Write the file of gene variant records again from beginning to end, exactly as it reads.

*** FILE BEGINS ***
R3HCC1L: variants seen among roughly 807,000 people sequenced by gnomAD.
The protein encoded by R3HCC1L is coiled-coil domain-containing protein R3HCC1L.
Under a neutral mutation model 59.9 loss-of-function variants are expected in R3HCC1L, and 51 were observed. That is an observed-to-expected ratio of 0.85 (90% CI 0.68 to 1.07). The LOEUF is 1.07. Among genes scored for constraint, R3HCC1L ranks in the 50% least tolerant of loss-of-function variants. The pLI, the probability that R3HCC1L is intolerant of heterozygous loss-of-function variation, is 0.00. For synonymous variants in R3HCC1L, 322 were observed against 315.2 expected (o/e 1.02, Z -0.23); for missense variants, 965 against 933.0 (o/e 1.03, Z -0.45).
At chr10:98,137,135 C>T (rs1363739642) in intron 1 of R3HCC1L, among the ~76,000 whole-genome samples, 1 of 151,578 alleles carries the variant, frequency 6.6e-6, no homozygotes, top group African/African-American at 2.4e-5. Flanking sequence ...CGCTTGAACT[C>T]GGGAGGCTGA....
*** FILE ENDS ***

R3HCC1L: variants seen among roughly 807,000 people sequenced by gnomAD.
The protein encoded by R3HCC1L is coiled-coil domain-containing protein R3HCC1L.
Under a neutral mutation model 59.9 loss-of-function variants are expected in R3HCC1L, and 51 were observed. That is an observed-to-expected ratio of 0.85 (90% CI 0.68 to 1.07). The LOEUF is 1.07. Among genes scored for constraint, R3HCC1L ranks in the 50% least tolerant of loss-of-function variants. The pLI, the probability that R3HCC1L is intolerant of heterozygous loss-of-function variation, is 0.00. For synonymous variants in R3HCC1L, 322 were observed against 315.2 expected (o/e 1.02, Z -0.23); for missense variants, 965 against 933.0 (o/e 1.03, Z -0.45).
At chr10:98,137,135 C>T (rs1363739642) in intron 1 of R3HCC1L, among the ~76,000 whole-genome samples, 1 of 151,578 alleles carries the variant, frequency 6.6e-6, no homozygotes, top group African/African-American at 2.4e-5. Flanking sequence ...CGCTTGAACT[C>T]GGGAGGCTGA....